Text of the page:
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Saturday, February 27, 2016

Whirlpool (1949)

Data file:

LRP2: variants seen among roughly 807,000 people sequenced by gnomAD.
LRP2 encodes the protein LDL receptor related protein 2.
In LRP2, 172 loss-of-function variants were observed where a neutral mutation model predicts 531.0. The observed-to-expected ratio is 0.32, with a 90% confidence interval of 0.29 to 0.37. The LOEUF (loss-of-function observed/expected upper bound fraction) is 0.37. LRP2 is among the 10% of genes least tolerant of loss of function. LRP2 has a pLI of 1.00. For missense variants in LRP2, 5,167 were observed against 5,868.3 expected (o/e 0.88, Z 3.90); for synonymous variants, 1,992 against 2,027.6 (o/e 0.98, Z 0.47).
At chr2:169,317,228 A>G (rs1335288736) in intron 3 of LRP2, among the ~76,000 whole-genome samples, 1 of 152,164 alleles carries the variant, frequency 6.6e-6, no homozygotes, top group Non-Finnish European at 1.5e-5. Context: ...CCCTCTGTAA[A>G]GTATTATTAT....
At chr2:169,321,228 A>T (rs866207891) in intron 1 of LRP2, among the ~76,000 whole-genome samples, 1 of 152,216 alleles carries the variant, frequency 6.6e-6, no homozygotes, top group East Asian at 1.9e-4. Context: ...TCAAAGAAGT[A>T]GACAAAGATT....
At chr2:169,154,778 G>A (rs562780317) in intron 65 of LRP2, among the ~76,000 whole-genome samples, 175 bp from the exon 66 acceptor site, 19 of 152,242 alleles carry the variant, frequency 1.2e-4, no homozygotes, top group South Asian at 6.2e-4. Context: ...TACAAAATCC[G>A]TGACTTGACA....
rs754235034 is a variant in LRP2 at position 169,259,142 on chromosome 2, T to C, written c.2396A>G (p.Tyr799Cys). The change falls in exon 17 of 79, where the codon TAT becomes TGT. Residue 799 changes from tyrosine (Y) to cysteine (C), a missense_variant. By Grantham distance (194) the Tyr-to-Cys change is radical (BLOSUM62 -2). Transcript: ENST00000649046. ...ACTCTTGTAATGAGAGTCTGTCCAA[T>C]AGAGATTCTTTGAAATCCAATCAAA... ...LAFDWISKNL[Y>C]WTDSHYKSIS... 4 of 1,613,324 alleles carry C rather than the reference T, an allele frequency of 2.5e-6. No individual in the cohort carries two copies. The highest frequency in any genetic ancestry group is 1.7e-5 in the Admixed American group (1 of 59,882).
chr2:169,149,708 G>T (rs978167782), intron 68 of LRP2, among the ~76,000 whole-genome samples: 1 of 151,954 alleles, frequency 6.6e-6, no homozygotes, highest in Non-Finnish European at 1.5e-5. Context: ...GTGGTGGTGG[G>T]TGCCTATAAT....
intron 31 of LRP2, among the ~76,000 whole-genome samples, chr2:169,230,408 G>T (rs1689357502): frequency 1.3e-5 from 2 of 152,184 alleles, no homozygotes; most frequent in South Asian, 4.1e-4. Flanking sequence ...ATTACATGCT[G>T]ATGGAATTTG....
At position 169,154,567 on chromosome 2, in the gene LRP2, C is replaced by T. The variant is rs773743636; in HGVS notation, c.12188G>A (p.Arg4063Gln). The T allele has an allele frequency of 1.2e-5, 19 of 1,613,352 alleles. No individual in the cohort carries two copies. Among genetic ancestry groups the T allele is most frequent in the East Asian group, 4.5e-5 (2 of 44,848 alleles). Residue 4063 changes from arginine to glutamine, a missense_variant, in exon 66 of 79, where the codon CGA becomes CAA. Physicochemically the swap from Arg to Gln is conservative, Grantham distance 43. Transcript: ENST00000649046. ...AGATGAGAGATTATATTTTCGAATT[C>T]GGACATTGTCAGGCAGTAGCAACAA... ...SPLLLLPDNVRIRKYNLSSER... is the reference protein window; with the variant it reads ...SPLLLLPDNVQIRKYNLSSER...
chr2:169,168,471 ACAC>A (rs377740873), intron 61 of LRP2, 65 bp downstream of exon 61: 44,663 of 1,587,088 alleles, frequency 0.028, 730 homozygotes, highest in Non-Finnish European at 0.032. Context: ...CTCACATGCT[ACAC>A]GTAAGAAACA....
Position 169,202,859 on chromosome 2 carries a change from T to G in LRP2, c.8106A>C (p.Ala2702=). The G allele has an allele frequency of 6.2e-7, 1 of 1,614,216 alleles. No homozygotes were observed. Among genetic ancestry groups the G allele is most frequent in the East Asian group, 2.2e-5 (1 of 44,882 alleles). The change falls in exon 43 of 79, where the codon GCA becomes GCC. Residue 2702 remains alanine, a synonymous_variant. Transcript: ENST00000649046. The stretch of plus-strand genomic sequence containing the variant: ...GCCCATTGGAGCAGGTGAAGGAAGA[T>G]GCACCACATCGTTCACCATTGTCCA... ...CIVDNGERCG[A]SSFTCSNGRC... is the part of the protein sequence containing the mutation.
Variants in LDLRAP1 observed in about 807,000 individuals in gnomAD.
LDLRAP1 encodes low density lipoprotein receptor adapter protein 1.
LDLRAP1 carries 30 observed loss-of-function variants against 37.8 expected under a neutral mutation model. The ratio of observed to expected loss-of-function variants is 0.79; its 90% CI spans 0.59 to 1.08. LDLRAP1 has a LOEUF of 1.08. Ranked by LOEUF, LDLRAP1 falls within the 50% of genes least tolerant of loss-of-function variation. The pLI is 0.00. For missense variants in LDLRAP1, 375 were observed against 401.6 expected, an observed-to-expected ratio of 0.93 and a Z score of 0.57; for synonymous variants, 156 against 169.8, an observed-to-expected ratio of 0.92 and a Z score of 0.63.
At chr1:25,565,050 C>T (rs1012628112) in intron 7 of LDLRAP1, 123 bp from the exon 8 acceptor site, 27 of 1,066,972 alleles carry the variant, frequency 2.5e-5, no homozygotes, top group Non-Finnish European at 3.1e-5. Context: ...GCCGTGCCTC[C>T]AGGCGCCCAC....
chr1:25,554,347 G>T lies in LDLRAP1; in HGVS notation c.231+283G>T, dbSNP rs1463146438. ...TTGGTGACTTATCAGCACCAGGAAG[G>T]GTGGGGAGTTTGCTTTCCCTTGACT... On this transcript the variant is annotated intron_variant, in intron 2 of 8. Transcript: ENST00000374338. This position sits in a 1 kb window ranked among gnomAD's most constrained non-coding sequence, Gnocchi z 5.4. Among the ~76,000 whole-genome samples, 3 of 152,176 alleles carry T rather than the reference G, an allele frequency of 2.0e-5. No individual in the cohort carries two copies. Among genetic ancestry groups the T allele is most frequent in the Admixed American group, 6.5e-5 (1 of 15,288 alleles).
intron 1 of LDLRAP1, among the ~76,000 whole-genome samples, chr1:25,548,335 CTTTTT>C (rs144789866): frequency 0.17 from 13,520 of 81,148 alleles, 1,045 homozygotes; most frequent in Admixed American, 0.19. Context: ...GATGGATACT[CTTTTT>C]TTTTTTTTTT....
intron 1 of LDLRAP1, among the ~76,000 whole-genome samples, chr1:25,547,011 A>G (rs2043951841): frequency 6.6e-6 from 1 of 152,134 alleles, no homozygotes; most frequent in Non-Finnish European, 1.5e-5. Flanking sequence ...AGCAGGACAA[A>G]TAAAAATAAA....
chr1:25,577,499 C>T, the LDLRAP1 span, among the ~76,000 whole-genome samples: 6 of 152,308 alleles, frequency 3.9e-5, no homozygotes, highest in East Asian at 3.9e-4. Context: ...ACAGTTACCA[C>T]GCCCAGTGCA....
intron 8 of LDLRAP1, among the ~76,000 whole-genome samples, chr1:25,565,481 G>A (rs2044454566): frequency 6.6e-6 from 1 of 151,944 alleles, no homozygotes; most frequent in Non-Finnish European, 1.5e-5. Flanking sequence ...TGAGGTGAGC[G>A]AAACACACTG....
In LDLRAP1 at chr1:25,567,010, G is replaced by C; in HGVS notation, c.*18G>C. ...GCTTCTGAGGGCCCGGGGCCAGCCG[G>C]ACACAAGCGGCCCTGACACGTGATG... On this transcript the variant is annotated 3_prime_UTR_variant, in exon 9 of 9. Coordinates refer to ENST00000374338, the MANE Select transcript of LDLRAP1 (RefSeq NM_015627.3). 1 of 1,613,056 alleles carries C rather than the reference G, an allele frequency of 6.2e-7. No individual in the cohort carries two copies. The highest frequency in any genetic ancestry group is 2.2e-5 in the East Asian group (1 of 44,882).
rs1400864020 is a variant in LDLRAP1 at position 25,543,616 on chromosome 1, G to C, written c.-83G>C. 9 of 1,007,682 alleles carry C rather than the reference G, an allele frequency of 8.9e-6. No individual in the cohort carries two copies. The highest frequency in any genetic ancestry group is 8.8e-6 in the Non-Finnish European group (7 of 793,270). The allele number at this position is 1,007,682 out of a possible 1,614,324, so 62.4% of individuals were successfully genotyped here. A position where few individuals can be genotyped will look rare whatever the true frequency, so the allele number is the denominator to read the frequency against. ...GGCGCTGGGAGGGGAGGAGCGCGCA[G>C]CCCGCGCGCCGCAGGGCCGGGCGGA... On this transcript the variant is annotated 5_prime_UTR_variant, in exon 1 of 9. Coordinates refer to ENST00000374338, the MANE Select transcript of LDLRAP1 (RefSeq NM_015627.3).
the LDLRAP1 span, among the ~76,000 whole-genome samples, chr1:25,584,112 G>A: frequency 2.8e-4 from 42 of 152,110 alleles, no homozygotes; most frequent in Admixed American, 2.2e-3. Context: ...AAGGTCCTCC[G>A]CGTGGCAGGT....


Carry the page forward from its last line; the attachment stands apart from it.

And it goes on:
Although married to a successful psychoanalyst (Richard Conte), a woman (Gene Tierney) is a kleptomaniac. When she is caught by a store detective (Ian MacDonald) for stealing an expensive broach, she is saved by the interference of a fashionable hypnotist (Jose Ferrer). But she goes from the frying pan into the fire as blackmail and murder enter the picture. Many perfectly fine motion pictures require a suspension of disbelief. Loopholes or flaws that defy logic are pushed aside because in the bigger picture, the artistry or the entertainment value of the film exceeds the implausibility of the narrative. That being said, the plot of WHIRLPOOL is so preposterous, so ludicrous that no amount of suspension of disbelief is possible! Based on the METHINKS THE LADY by Guy Endore, the characters act in such stupid and gullible ways that one just shakes his head in disbelief. The director Otto Preminger does a more than serviceable job and the cast is good (well, maybe not Ferrer) but to no avail. Still, the film does have a cult reputation among film noir enthusiasts. David Raksin's underscore helps a little. With Charles Bickford, Constance Collier, Barbara O'Neil, Fortunio Bonanova, Larry Keating and Eduard Franz. 

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